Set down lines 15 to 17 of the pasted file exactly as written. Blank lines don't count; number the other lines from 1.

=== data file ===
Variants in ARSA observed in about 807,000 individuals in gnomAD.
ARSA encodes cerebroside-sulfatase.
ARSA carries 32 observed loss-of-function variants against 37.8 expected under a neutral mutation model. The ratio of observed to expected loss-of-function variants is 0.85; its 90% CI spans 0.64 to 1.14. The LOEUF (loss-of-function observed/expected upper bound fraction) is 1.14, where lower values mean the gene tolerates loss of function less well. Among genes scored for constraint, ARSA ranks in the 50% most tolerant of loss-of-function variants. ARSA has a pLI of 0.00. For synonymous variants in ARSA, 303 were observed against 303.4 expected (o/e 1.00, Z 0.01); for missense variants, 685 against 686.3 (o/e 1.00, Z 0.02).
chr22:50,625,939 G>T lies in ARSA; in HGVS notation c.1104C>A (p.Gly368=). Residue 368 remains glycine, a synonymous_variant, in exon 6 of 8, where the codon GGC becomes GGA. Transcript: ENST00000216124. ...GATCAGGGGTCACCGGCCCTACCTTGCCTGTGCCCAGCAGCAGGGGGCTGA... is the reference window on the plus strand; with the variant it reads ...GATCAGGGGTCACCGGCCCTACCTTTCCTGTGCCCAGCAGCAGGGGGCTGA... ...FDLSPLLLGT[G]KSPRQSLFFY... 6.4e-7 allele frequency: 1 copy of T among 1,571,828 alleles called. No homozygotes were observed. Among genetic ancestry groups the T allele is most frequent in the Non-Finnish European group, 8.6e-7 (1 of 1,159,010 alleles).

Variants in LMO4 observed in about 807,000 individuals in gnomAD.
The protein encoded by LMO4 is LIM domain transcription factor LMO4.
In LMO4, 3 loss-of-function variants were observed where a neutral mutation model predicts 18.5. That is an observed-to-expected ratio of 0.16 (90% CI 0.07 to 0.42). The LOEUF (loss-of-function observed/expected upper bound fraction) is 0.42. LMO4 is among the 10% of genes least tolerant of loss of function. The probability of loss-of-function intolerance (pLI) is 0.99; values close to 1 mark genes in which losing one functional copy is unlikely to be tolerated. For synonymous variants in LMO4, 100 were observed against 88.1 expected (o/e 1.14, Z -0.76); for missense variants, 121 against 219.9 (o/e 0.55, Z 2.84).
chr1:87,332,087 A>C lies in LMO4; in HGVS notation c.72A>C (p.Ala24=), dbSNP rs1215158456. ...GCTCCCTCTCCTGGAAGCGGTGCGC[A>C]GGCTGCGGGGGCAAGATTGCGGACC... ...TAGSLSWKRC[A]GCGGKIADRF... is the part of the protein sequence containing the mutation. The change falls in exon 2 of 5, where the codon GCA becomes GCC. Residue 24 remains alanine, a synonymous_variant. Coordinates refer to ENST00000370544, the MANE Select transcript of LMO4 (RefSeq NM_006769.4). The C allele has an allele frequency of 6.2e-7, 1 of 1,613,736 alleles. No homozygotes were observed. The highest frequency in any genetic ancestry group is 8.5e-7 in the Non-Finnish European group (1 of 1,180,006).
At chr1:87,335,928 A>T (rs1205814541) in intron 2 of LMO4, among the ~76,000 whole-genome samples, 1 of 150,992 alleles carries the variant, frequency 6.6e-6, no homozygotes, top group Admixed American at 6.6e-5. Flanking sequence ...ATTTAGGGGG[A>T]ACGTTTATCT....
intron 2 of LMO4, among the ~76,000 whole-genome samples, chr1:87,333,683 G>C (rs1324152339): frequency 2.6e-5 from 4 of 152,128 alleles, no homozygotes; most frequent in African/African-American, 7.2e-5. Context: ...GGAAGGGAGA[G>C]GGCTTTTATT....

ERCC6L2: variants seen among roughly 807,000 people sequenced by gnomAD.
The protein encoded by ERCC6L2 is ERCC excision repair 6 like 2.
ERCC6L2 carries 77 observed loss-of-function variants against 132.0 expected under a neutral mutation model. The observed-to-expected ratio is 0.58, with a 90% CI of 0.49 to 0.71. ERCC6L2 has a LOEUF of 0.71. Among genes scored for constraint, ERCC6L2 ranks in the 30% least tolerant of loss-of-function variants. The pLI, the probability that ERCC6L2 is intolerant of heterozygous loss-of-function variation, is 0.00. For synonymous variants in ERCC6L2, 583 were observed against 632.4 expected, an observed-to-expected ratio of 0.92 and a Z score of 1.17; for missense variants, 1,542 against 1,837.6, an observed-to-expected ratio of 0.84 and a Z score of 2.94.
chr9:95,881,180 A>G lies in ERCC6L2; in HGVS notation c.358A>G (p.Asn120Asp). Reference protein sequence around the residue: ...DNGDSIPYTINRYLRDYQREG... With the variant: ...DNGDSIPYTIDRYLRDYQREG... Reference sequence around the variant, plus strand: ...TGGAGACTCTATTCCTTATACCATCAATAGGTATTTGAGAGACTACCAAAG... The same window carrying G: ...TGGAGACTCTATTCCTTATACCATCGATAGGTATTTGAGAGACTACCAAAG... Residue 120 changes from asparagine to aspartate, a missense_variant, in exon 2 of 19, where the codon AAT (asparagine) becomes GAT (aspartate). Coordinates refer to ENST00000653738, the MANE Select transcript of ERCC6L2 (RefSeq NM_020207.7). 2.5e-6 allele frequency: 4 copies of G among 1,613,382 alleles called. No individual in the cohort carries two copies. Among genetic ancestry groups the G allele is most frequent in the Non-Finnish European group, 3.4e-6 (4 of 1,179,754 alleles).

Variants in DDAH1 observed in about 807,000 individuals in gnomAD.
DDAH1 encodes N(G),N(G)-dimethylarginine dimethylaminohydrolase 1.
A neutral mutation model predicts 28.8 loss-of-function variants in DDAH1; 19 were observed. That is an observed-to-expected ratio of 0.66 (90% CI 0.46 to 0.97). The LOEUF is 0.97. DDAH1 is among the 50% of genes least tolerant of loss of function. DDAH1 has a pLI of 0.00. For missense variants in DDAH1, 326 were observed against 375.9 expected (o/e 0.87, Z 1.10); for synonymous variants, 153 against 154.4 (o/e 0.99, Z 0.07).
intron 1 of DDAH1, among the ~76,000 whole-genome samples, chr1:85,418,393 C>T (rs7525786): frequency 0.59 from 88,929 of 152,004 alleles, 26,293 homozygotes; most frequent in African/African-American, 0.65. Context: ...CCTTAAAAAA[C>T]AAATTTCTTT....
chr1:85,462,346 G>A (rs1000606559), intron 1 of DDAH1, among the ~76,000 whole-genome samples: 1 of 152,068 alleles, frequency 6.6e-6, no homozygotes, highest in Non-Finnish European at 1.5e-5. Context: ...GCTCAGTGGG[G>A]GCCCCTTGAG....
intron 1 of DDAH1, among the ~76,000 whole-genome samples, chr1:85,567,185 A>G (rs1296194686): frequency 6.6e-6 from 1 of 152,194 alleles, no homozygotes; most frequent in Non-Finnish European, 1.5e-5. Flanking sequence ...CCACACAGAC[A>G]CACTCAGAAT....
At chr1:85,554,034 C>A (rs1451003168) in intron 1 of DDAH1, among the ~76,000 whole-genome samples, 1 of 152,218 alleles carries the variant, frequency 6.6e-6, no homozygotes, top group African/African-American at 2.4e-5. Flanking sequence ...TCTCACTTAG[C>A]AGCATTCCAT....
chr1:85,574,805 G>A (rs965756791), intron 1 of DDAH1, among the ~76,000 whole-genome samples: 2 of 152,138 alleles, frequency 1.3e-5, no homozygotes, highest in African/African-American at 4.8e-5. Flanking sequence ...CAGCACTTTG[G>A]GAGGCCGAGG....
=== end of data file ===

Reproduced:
Variants in DDAH1 observed in about 807,000 individuals in gnomAD.
DDAH1 encodes N(G),N(G)-dimethylarginine dimethylaminohydrolase 1.
A neutral mutation model predicts 28.8 loss-of-function variants in DDAH1; 19 were observed. That is an observed-to-expected ratio of 0.66 (90% CI 0.46 to 0.97). The LOEUF is 0.97. DDAH1 is among the 50% of genes least tolerant of loss of function. DDAH1 has a pLI of 0.00. For missense variants in DDAH1, 326 were observed against 375.9 expected (o/e 0.87, Z 1.10); for synonymous variants, 153 against 154.4 (o/e 0.99, Z 0.07).